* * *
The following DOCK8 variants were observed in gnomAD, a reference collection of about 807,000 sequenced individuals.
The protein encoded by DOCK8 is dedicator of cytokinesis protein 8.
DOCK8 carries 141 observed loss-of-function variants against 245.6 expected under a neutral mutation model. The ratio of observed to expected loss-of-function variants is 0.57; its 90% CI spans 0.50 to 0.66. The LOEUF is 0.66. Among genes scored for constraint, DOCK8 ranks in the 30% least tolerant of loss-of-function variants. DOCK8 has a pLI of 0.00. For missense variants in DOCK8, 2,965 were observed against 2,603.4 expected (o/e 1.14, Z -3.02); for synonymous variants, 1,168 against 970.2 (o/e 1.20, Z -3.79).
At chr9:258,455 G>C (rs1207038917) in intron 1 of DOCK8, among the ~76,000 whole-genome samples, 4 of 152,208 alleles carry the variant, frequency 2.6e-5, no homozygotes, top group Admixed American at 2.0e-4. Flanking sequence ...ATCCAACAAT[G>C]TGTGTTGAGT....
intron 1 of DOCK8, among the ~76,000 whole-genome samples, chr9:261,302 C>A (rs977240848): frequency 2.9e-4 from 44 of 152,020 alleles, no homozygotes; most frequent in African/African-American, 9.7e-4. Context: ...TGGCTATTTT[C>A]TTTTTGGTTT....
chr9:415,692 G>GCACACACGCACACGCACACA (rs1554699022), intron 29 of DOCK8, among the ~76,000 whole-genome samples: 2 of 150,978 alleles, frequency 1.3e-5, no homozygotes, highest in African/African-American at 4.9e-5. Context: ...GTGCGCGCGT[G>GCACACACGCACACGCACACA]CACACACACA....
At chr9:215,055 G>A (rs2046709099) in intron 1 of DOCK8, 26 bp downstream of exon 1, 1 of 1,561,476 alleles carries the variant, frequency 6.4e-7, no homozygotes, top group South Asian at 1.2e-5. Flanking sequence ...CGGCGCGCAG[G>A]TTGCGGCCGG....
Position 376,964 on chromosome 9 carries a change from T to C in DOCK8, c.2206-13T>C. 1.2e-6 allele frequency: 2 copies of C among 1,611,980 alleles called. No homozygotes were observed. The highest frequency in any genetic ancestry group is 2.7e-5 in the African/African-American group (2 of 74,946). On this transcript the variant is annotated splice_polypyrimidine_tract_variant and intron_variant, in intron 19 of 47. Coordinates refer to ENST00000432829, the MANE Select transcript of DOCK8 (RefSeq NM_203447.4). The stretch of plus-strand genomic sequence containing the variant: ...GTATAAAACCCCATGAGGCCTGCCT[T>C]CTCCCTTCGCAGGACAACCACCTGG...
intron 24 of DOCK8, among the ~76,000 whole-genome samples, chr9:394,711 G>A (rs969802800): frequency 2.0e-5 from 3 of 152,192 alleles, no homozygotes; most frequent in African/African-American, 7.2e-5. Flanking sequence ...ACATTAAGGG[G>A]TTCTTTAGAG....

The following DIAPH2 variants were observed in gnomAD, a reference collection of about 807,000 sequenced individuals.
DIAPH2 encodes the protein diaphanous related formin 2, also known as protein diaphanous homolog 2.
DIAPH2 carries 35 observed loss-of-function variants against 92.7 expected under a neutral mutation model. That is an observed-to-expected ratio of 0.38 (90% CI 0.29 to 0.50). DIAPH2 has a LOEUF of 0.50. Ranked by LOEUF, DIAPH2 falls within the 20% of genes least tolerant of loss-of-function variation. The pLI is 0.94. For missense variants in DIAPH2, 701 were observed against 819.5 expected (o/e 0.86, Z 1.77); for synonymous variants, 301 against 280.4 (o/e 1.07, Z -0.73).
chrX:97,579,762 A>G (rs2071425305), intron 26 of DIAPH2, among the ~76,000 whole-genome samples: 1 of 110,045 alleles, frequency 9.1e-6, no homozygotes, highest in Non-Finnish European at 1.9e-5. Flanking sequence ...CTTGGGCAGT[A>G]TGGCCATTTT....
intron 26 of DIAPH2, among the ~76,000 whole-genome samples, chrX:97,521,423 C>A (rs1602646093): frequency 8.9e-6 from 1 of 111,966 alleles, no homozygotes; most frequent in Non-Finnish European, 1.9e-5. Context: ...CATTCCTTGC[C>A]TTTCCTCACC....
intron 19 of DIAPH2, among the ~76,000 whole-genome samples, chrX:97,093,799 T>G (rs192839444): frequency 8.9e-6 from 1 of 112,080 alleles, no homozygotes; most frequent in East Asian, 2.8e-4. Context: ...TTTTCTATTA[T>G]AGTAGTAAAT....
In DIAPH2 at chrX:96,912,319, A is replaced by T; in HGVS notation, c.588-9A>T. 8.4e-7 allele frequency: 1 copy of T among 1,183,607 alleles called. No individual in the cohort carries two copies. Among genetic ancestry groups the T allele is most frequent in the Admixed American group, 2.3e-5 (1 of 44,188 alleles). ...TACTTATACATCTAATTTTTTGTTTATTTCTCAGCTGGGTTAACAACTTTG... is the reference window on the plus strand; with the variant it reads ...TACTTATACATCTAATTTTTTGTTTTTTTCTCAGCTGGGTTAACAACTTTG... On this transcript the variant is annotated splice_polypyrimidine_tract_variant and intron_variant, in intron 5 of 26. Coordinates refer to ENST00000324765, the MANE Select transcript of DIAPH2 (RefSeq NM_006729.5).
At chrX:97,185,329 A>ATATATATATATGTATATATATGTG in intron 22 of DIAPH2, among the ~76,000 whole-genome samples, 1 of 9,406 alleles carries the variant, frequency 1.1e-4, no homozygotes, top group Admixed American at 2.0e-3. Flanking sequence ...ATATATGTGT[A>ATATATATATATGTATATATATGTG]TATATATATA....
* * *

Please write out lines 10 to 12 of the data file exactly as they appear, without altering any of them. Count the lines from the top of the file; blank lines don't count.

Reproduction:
The following DIAPH2 variants were observed in gnomAD, a reference collection of about 807,000 sequenced individuals.
DIAPH2 encodes the protein diaphanous related formin 2, also known as protein diaphanous homolog 2.
DIAPH2 carries 35 observed loss-of-function variants against 92.7 expected under a neutral mutation model. That is an observed-to-expected ratio of 0.38 (90% CI 0.29 to 0.50). DIAPH2 has a LOEUF of 0.50. Ranked by LOEUF, DIAPH2 falls within the 20% of genes least tolerant of loss-of-function variation. The pLI is 0.94. For missense variants in DIAPH2, 701 were observed against 819.5 expected (o/e 0.86, Z 1.77); for synonymous variants, 301 against 280.4 (o/e 1.07, Z -0.73).